you should suffer more, probably

In doing some reading about wild bullshit theories, I came across one that seems a lot less bullshit-y than the others. The primary idea of this theory is that suffering is unnecessary and that someday we will, through science, make it obsolete.

Last week I awoke to my 6 year old son having what seemed to be some kind of asthma attack. He doesn’t have asthma, so I knew that wasn’t it, but nonetheless he couldn’t breathe and required a trip to the ER. He ended up having a minor respiratory virus and after a few hours with the kind doctors and nurses at our local children’s hospital, we were ready to go home. Having spent 8 years taking kids to the hospital for various this or that, I didn’t think much of it. Inconvenient? Sure.. Life threatening? Not anymore, but maybe not so long ago it would have been.

The next morning while driving my kids to school my oldest was asking about his brother’s trip to the hospital the night before and if he was still sick. I casually explained to him how what happened the night before wasn’t really a big deal because we have medicine. Scientists have dedicated their lives to figuring out breathing treatments to be prescribed to sick little kids at 3am when they wake up unable to breathe properly. Science is great, hooray for science.

I could tell he spent the day thinking about this because he had more questions when I picked him up from school that afternoon. He wanted to know if anyone has ever died from what his little brother had the night before. “I don’t know, probably.” People spent thousands of years dying from silly bullshit that we can now fix with a 20 minute drive to a well-stocked hospital designed specifically for children at any hour of the day or night. In 1918 almost 500 million people came down with the flu and it’s estimated that about 50 million of them died worldwide. Think about that. Like the entire population of Canada and a few US states being wiped out by something that we now think “eh should I get the flu shot this year or not”.

So the theory I mentioned earlier is one called The Hedonistic Imperative. The primary idea of this theory is that we will eventually be able to wipe out all suffering in the world through science and genetic engineering. It sounds crazy until you think about what’s in your medicine cabinet. I take an anti-depressant that limits my ability to suffer mentally and emotionally. When I experienced an orthopedic injury in 2015 I was prescribed opiates to limit my ability to suffer physically. When it was time to surgically repair the aforementioned injury, science put me to sleep to limit my ability to suffer through the pain of incision and muscle manipulation, etc…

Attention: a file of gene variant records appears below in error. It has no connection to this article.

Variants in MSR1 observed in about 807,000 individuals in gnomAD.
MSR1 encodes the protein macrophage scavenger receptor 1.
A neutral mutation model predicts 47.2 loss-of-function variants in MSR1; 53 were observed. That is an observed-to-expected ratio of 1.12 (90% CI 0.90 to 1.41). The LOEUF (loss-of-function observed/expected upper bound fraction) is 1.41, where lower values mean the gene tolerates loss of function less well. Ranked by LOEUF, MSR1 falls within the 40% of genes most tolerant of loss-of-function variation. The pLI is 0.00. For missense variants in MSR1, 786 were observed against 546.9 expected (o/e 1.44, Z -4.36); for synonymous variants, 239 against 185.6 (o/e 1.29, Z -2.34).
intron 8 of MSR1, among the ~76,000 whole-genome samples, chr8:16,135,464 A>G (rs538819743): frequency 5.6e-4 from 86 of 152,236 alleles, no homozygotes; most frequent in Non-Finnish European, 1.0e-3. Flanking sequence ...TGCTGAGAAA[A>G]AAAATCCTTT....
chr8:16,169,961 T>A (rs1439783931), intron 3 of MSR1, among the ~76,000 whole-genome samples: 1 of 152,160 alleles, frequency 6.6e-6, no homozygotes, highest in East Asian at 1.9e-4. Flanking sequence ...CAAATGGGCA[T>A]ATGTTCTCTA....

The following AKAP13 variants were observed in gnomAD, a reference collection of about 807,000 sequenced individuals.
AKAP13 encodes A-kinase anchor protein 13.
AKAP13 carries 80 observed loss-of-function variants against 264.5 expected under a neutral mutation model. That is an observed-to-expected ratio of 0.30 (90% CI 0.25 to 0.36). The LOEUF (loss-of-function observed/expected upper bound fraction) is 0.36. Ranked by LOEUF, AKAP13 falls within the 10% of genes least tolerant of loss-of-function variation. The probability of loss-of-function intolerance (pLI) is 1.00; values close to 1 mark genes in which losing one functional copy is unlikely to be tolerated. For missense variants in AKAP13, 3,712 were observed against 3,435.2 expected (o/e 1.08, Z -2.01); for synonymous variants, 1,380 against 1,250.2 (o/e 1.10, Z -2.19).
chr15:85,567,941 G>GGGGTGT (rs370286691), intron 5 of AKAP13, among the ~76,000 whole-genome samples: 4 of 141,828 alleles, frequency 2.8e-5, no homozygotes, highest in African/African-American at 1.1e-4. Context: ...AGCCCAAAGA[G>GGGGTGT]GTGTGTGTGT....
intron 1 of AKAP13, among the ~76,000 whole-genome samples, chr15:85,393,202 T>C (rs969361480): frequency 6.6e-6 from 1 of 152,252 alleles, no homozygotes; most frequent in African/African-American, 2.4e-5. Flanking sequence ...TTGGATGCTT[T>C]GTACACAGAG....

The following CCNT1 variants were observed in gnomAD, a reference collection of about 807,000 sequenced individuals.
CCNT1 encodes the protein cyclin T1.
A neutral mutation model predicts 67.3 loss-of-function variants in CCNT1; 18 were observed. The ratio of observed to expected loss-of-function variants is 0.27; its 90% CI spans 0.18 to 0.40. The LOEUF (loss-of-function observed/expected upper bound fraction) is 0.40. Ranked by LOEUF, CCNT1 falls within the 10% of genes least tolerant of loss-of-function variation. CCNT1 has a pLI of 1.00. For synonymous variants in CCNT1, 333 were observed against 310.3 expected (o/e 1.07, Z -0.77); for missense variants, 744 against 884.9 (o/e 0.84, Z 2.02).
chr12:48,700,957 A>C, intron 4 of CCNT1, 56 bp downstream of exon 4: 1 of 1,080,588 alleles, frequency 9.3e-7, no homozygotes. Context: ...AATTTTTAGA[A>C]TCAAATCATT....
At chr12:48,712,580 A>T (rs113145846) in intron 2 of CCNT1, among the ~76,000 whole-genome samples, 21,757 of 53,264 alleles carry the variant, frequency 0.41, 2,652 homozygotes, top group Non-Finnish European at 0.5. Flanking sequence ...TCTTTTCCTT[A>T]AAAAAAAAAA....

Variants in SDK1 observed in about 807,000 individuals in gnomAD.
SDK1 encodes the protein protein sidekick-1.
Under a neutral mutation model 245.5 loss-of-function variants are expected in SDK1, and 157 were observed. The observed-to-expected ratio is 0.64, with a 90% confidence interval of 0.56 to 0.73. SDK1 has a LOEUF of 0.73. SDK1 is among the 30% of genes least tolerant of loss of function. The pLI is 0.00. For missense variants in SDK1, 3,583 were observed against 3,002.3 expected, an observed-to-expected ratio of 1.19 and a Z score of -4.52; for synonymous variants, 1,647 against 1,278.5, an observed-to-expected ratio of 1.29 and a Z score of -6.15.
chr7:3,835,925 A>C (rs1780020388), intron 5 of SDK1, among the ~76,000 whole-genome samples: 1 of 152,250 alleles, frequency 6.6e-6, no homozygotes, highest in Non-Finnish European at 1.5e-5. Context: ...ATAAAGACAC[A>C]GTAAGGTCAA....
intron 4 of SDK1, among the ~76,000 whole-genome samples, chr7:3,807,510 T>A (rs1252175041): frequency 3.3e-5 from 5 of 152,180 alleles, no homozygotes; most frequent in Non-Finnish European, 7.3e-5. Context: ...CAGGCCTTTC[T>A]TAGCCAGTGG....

Two hundred years ago, before the development of potent synthetic pain-killers or surgical anaesthetics, the notion that “physical” pain could be banished from most people’s lives would have seemed no less bizarre. Most of us in the developed world now take its daily absence for granted. The prospect that what we describe as “mental” pain, too, could one day be superseded is equally counter-intuitive. The technical option of its abolition turns its deliberate retention into an issue of political policy and ethical choice.

hedweb.com

Like most theories, it looks a little different in practice. If you’ve been paying attention to the opioid crisis in the US, you can see how the human element plays into these ideals. When I first saw the surgeon for the injury I mentioned above, he very casually handed me a 30 day rx for vicodin. If you’ve ever taken vicodin, it’s some heavy shit. It feels…. wonderful. Too wonderful. It quickly became my first-hand experience with how people become so easily addicted to these things. The same can be said for medications to treat mental illness. Limiting our ability to feel just makes us want to feel more. Dosages go up, behaviors get riskier, etc and so on.

When you consider the ability to end all suffering, you have to wonder if it is “an issue of political policy and ethical choice” not to do so, or is it actually the opposite? If your only options were bliss or bliss, how would you develop character or resilience of any kind? I don’t want to get cliche here but I tend to believe suffering is necessary and actually good.

Toronto hardcore band Fucked Up has been doing things differently since 2001. Aside from somehow consistently putting out great record after great record, they have ventured into blending art and punk in a way that most bands haven’t taken the time and energy to do in as meaningful a way. In 2006 they began releasing a series of 12″ records that were part of what they call the Zodiac series. Do yourself a favor and go get lost in it because it’s wonderful, but the primary reason that I bring it up is that my favorite of this series is one about suffering. Year of the Ox tells the narrative of an ox doing ox things, pulling weight around, pushing through mud, etc… but also eventually using these experiences to break free and live a life of meaning.

i stop to breathe, to take a break
to scan the crowd that is my wake
i see a life without the ache
and wonder if it was a mistake

The song ends with a triumphant reprise:

you can’t fly, because you are an ox

i can fly, because i am an ox

Our suffering helps make us. The bad lets us feel the good. Grieve and grow from it and use that growth to grieve and grow again. This ended up being more inspirational than I expected it to be. My first thought when I see people write from a standpoint of having anything figured out is “eh fuck off, guy”, but suffering is a universal experience to which we can all relate in one way or another. Finding ways to survive and grow from it is imperative.

The painting at the top of this piece is “Self” by the incredibly talented Antony Micallef. Support him and support Fucked Up so that they never stop making records.